Rick Leland makes no secret of the fact he has no loyalty to his home country after he is court-martialed, kicked out of the Army, and boards a Japanese ship for the Orient in late 1941. ... See full summary »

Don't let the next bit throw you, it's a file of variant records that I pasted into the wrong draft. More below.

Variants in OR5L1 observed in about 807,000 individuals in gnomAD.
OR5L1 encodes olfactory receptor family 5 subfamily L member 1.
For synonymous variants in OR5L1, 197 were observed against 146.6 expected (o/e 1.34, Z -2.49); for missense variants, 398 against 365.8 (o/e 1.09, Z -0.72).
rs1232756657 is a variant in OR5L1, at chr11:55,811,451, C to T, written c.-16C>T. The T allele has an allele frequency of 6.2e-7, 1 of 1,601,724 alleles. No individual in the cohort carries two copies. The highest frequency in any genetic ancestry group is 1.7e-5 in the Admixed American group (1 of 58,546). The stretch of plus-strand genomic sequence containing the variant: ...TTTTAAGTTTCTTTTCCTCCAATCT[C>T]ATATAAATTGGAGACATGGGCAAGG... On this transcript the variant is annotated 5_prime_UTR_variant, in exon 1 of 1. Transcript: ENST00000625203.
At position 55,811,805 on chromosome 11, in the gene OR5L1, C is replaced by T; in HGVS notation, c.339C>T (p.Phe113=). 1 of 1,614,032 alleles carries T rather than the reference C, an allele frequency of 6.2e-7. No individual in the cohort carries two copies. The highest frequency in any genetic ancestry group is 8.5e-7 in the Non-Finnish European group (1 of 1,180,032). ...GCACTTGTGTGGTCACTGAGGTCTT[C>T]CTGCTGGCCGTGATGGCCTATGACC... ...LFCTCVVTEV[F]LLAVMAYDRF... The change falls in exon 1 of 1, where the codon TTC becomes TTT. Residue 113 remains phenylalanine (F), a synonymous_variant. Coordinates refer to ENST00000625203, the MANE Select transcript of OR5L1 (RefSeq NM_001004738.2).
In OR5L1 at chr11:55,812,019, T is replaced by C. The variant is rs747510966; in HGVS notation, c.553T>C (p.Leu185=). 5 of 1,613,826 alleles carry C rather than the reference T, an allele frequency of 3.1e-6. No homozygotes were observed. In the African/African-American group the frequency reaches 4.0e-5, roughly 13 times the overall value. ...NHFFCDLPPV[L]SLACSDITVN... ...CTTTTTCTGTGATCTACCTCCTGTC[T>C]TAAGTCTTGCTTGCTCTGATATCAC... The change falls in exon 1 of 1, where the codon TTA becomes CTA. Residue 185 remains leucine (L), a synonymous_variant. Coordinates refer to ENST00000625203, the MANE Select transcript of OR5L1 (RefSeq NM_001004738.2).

I wasn't surprised to learn that Frank Tuttle directed this unexpectedly beautiful and stylish film. A quintessential "rural" story of the younger sibling (ie, the SECOND FIDDLE) breaking out from the oppressive shadow of the favored son. This is a stylish, briskly paced tale, and although themes of rural poverty, child abuse, and alcoholism conspire to render the proceedings occasionally grave, the acting is uniformly thoughtful and natural, thus occasionally lightening the burden. Much of this picture was shot out of doors, and during bright times with a consistent windiness about the grasses and trees, lending the piece a rather glowing, nether worldly quality and giving the film an eerie, contemporary feel. You are literally swept along with the breeze. It also helps that the leading players are exceptionally non-period, with Glenn Hunter particularly, and with timeless Mary Astor magically so. Young Mary Astor's dark beauty was as breathtaking as expected, but nothing prepared the audience for the bewitchingly natural vision captured in that outdoor splendor. And remarks about her beauty shouldn't obscure her value as one of the best actresses to ever grace the screen. Glenn Hunter was a lanky man, complete with imperfect teeth and angular face and hair cowlick. He gives a heart-felt, full-blooded performance as a young man finding himself and saving the heroine along the way.
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